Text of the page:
I was accepted onto the Mtpp Initiative (Music Teaching in Professional Practice) at Reading University’s Institute of Education to do a postgraduate diploma and Masters in music education. For the first time, I had access to regular, ongoing learning experiences. I developed my skills as a reflective piano teacher and became so much more confident (such an amazing feeling). My piano teaching became purposeful; my pupils became better musicians, better learners. I too became a better musician, a better learner. Even curiouser, it was on this course that I met Sally! One baking-hot Friday afternoon in July 2003, she presented the idea of ‘sound before symbol’ – a revolutionary concept that has impacted powerfully upon my approach to teaching the piano ever since.
By the time I’d completed my MA, I’d become very sponge-like. I got involved with as many musical organisations that I could find the time for. I was on the council of the ISM, the management committee of EPTA(UK) and then I became a Principal Tutor on the EPTA(UK) Piano Teaching Course (PTC), based at the Purcell School.
In truth, I’m a bit of a home bird and eventually I found myself drawn back to Northern Ireland where I was determined to do something that would benefit my community. I knew that, in order to make something big happen, I’d have to commit; to burn the boats and storm the island. Burn any vessel that might take me backwards or make me change my mind. And so I did. I signed up for a year of business coaching and committed myself to a huge financial investment and after many months of hard work and steep learning curves, I founded evoco, Northern Ireland’s Music Education Organisation, specialising in piano teacher training. Over the last three years the business has gone from strength to strength and in 2013 60 piano teachers were awarded their teaching diplomas.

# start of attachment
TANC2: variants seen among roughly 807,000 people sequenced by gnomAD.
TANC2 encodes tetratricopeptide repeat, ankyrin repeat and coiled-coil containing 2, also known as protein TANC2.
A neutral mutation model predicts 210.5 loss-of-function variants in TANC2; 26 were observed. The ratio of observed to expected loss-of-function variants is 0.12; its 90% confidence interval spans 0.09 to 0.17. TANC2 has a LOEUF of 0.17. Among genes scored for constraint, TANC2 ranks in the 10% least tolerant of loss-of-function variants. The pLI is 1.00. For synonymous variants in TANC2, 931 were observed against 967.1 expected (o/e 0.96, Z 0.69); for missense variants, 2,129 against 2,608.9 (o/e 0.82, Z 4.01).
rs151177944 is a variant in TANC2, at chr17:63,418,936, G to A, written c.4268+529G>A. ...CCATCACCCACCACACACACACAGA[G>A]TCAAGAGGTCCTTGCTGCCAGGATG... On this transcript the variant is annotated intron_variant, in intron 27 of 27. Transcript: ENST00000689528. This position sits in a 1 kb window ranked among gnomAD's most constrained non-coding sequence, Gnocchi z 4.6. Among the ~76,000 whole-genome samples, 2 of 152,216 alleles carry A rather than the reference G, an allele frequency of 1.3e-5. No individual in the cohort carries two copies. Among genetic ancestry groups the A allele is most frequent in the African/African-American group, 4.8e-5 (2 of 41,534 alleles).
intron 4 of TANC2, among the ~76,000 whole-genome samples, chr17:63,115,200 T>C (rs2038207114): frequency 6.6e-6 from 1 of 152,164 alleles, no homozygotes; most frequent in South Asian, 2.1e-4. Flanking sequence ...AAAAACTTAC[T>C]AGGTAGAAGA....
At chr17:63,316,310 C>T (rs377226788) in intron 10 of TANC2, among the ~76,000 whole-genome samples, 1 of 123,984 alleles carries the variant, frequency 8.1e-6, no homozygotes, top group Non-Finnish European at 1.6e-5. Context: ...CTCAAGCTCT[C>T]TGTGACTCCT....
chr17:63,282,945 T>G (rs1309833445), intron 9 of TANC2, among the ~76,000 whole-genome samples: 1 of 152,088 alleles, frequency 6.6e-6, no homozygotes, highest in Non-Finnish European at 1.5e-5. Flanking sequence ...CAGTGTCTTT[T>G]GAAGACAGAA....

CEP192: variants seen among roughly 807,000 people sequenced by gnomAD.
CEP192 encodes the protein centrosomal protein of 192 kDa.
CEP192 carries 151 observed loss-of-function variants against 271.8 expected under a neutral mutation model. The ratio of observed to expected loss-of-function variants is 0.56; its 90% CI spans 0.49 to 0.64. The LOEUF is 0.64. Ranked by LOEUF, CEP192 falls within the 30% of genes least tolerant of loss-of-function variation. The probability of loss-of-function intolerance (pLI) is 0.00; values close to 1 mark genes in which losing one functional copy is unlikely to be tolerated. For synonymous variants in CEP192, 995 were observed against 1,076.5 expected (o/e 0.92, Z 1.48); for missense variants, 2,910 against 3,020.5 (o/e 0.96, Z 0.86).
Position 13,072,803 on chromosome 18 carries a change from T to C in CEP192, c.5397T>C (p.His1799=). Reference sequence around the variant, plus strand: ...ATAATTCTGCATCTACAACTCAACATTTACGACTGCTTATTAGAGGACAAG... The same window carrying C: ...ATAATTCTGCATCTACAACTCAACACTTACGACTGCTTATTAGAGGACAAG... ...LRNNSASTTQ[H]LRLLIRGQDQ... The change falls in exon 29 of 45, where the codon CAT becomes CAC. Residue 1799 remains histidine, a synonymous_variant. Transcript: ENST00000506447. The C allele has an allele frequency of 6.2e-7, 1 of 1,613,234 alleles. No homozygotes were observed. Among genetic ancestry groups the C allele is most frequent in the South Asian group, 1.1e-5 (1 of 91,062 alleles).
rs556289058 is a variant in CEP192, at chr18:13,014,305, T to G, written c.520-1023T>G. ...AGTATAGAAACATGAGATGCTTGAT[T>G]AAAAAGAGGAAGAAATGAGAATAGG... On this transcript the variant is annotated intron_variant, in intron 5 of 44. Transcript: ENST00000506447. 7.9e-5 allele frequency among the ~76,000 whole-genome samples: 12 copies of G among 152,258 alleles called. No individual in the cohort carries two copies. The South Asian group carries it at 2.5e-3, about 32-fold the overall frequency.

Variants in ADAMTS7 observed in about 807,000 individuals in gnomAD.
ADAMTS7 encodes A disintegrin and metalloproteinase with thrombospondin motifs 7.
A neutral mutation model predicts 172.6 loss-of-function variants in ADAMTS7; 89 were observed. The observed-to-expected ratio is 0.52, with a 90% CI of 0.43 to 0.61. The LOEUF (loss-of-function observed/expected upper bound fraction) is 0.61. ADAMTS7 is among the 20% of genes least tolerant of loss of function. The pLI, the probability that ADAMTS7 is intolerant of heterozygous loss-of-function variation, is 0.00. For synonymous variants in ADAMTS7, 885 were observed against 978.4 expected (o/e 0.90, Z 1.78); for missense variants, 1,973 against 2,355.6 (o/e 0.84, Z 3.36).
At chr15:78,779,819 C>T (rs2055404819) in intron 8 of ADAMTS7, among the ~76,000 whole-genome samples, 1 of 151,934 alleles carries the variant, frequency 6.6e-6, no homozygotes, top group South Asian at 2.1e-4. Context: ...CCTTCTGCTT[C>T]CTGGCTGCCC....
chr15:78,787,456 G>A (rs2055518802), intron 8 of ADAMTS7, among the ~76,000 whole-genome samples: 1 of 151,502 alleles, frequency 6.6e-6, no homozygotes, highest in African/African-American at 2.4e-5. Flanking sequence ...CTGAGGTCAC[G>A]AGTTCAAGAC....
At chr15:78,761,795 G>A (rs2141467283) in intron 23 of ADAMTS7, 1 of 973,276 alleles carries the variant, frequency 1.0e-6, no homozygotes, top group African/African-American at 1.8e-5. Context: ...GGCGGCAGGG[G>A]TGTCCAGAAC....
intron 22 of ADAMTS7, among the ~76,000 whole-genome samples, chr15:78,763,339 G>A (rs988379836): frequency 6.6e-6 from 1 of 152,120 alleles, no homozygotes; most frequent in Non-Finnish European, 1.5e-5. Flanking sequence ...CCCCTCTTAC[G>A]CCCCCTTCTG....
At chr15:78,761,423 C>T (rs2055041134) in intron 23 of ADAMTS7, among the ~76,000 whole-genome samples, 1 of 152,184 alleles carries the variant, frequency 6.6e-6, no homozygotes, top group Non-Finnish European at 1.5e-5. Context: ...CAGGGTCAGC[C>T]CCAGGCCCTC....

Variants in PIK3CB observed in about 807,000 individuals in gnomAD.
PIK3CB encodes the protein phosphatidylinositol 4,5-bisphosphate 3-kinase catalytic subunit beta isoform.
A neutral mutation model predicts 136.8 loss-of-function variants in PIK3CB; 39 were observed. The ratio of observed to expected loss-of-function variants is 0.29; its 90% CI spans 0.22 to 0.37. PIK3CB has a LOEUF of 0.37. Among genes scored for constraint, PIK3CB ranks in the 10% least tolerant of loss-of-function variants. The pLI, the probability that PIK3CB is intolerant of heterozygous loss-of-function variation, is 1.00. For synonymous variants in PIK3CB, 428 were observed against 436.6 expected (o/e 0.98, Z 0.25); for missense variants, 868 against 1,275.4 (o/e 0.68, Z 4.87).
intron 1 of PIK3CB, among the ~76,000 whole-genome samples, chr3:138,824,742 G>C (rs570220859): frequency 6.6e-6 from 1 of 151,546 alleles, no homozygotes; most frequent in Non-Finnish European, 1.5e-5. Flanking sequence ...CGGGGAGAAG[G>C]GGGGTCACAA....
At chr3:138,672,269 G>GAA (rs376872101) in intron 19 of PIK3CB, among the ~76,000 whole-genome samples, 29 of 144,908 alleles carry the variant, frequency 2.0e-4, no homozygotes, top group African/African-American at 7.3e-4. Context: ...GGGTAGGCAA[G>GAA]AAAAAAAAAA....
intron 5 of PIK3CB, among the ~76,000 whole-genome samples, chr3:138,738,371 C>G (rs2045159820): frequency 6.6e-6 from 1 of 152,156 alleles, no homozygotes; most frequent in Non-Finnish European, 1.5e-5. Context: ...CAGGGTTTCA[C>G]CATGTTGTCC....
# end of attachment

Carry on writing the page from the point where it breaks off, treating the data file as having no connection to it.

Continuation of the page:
Being curious has taken me to places I never thought I’d reach. I know that if I’d changed nothing, nothing would have changed. The idea of change was once very scary to me; now I see change as a tool for overcoming my frustrations and short-comings. I also know that if I can do this, a piano teacher with incredibly humble beginnings, you can do it too.
And here’s the official biog:
Sharon has 18 years of piano teaching experience. She has additional experience of teaching music at tertiary level and has also worked for several years within early years settings as a music practitioner. Sharon did a 3 year postgraduate course at the Institute of Education, University of Reading, achieving a Masters in Music Education with distinction in 2007. She was subsequently invited to join the course development team for the Piano Teachers’ Course (UK). Sharon worked on this course as a Principal Tutor for 3 years and then worked for a further year as moderator of the course’s academic submissions. Driven by her vision to provide a service for the piano teachers of Northern Ireland, allowing them to gain greater confidence, develop their teaching skills and gain accredited teaching qualifications, Sharon founded evoco in 2012 (Northern Ireland’s Music Education Organisation, specialising in piano teacher training). Sharon has been described as being a visionary entrepreneur within the world of music education. She is a member of EPTA (UK) and a Fellow Member of the ISM.